An online game developed by a team of social psychologists could be a useful tool in the fight against misinformation, helping internet users spot misinformation and call it out for what it is: manipulative.
Misinformation – often spread by automated bots, but also unsuspecting people – worms its way into our heads by appealing to a sense of injustice or distrust and by using emotionally charged language to stoke fear and anger among social media users.
But just like a vaccine stimulates an immune response to protect against disease, this new game – called GoViral! – aims to give people a taste of the tactics used to spread misinformation and conspiracy theories, so they can combat falsehoods online.
“COVID-19 falsehoods and conspiracies pose a real threat to vaccination programs in almost every nation,” says social psychologist and co-author Jon Roozenbeek.
“Every weapon in our arsenal should be used to fight the fake news that poses a threat to herd immunity.”
In two studies, players of the game were more likely to rate misinformation as manipulative, compared to genuine news, after just 5 minutes of game time. They also had more confidence in their ability to spot misinformation, even one week later, and said they were less likely to spread misinformation with others.
The game hinges on the idea that it might be more effective to stop misinformation from spreading than counter each specific falsehood with factual content from reputable sources after the misinformation has been posted online.
“While fact-checking is vital work, it can come too late. Trying to debunk misinformation after it spreads is often a difficult if not impossible task,” University of Cambridge social psychologist Sander van der Linden explains.
Instead, GoViral! is designed to prevent false narratives from taking root in the first place by building people’s confidence and ability to recognize misinformation when they see it.
“By pre-emptively exposing people to a microdose of the methods used to disseminate fake news, we can help them identify and ignore it in the future,” van der Linden says.
The worry is, as research shows, that few adults actually know how to identify misinformation – with less than half of Australian adults in one survey reporting they could confidently do so. Other studies have also shown that the inaction of silent bystanders helps fake news spread.
“The aim of countering misinformation is not to change the opinions of the people posting it, but to reduce misperceptions among the often-silent audience,” says biomedical informatics researcher Adam Dunn at the University of Sydney, who was not involved in the study.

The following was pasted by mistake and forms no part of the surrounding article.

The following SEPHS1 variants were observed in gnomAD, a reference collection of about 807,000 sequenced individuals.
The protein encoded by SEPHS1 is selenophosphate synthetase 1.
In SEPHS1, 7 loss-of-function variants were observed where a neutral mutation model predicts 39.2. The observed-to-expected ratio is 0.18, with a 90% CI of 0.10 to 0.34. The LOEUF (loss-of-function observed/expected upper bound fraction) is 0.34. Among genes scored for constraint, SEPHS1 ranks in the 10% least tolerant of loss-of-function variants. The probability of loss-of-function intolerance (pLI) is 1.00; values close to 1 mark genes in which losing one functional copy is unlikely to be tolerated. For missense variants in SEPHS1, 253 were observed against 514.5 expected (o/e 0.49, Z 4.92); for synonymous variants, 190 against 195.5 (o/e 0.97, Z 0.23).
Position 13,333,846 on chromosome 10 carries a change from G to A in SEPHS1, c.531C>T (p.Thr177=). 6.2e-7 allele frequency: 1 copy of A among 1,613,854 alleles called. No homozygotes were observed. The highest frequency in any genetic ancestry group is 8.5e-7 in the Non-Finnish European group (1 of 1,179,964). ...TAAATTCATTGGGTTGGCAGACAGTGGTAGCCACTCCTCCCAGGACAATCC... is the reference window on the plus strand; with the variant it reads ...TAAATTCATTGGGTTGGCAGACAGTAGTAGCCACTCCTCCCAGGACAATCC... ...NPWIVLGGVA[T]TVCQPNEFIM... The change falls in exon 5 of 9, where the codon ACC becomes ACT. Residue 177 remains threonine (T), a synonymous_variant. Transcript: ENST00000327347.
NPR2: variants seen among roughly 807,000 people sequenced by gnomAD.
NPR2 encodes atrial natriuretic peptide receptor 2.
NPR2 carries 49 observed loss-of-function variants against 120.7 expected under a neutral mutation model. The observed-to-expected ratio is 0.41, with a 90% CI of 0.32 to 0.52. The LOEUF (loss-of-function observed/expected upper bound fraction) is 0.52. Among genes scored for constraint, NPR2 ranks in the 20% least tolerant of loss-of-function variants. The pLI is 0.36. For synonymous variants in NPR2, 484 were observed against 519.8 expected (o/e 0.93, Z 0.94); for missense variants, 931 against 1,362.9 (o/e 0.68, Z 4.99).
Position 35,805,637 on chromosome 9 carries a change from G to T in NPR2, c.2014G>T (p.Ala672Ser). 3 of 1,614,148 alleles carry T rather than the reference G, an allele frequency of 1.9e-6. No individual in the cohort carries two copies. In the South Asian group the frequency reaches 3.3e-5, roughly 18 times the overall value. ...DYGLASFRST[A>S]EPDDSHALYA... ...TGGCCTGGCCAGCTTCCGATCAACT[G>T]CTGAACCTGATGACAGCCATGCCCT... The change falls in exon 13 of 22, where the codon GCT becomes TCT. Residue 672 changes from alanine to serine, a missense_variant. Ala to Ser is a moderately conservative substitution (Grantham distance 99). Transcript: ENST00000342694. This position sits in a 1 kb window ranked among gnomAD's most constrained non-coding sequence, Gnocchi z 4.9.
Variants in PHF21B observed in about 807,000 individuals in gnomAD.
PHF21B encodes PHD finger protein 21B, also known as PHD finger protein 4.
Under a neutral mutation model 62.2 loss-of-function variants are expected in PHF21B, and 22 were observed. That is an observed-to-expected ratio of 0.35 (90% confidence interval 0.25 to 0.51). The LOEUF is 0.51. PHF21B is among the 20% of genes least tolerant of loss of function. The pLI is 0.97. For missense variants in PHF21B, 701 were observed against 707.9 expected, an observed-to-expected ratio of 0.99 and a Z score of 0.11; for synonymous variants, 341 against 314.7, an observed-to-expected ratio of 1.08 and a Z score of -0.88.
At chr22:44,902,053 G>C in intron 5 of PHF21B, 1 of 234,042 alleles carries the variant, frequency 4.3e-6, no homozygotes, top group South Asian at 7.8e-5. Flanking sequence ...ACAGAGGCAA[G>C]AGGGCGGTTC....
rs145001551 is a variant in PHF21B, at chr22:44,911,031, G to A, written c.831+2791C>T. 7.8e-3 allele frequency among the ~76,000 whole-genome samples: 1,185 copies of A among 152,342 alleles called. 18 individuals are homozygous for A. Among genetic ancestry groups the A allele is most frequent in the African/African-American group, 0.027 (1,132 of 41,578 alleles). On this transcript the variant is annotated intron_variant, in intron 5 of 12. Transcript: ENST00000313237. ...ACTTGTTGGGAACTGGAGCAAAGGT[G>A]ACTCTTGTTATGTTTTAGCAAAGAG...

So how does the game work? Players are tasked with promoting noxious posts about COVID-19 to create public panic in a virtual game scenario using deceptive techniques, such as citing fraudulent ‘experts’.
This creates awareness amongst players of how misinformation works and how people can help stop it – which is a kind of ‘psychological resistance’ to future falsehoods, the researchers say.
Their analysis involved a total of 3,548 players in two separate studies. The first study collected data from real-world users who were surveyed before and after they played the game and shown 18 social media posts each time. Half were credible, half were not.
Immediately after playing, these GoViral! players were better able to distinguish real news about COVID-19 from convincing conspiracies than they could before gameplay.
In the second study, the researchers compared the game to a set of infographics from UNESCO’s #ThinkBeforeSharing campaign and a control group of gamers who just played Tetris.
Roughly two-thirds of GoViral! players said they felt less likely to get duped in the future; a week later, GoViral! players still rated misinformation as more manipulative than credible news, more so than the Tetris players or infographic readers.
It’s also worth noting that the infographics did help people recognize misinformation, just not as much or for as long.
“Interestingly, our findings also show that the active inoculation of playing the game may have more longevity than passive inoculations such as reading the infographics,” Roozenbeek says.
Although the results may be encouraging, the game – which is backed by the UK Cabinet Office, WHO, and UNESCO – is not getting all that much traction online. It’s available in lots of languages but has only been played about 400,000 times since its launch last October.
But whether you’re a gamer or not, remember there are a number of ways we can stop misinformation in its tracks – if you stop and think about it.